We’re excited to update that our saltwater, farm-raised red snapper have been growing at a phenomenal rate. Survival has virtually been sitting at 100% since the fingerling stage, and they’ve now attained a beautiful red color, proving them to be the perfect species for culture in the Bahamas.

This successful endeavor is in part result from a long-standing collaboration between Tropic Seafood and the University of Miami Aquaculture Program. This collaborative encompasses high-value marine species such as the Nassau grouper, olive flounder and the red snapper. The red snapper broodstock have been maintained and conditioned to spawn year-round at the UM Experimental Hatchery, providing eggs and fingerlings used to stock Tropic’s facilities for nursery, growout trials and market testing. University of Florida’s Whitney Lab has participated as well, using eggs from UMEH for raising of juveniles used in the farming cycle at Tropic. Our goal is to continue, and expand on this mutually beneficial effort, to develop commercial aquaculture of red snapper in the Bahamas.

Like any potential aquaculture candidate, much of the success is dependent upon a good and consistent supply of fingerlings. Undoubtedly, if this species is to be commercially raised, a hatchery would be an integral and important part of the plan as there are a very limited number of fingerling suppliers for this species. Test marketing on the island of New Providence (Nassau), Bahamas has proven this species to be extremely marketable and very high in demand. The overall appearance, pleasant texture, and buttery taste of this fish has been very well received by customers. Additional reactions from customers were very positive, including one from a local vendor at the public market stating, “Now this is what snapper should taste like.” He was unaware of the fact that this fish was farm-raised.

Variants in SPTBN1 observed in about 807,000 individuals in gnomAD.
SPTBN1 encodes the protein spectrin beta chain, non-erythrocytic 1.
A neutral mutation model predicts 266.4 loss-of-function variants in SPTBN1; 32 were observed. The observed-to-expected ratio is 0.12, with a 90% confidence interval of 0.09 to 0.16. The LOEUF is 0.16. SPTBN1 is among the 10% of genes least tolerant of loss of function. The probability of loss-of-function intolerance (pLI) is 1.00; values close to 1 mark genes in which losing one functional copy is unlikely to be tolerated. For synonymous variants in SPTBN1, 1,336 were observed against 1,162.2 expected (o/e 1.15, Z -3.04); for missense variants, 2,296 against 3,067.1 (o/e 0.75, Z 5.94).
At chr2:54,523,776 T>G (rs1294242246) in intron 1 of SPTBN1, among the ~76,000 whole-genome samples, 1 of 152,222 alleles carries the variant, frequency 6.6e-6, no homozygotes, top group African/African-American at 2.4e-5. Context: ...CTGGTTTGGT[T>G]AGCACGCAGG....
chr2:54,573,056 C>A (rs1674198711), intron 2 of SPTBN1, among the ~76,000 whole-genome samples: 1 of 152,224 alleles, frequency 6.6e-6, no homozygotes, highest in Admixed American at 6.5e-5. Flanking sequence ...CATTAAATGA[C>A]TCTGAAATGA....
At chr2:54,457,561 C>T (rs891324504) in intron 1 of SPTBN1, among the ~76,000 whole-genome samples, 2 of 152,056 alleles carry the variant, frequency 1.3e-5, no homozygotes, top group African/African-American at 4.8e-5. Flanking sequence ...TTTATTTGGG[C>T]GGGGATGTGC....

A majority of the fish are 1.5 lb. (600-700 g) with some reaching a weight of 2 lb. at one year of age. At that size, the ratio of meat to bone is quite high, making for a relatively thick fillet and great plate coverage.

Currently, sales are limited in volume due to the fact that there is only a small supply of fish available, but the demand and acceptance of this farm-raised fish species could lead to a successful marketing campaign if available in commercial quantities. Due to the small size of the market in the Bahamas, the ultimate goal would be to sell the majority of the fish as a fresh product to overseas destinations such as United States, Canada, Latin America, and Europe. The product would be sold as a head-on, gutted and scaled, whole fish.

The speed at which this popular fish grows combined with the excellent food conversion ratios attained in culture, yield a product that is both economical to grow and has a very strong market demand. Essentially it is the perfect species for aquaculture commercialization in the Bahamas.

Although all cohort groups of fish at Tropic Seafood are weighed and measured monthly, for data collection purposes, the 50 largest and fastest growing fish, have now been relocated to a separate tank for use as future broodstock. These fish have far exceeded a weight of two pounds within their first year. Most likely, it will take two more years for them to become sexually mature before they start producing eggs.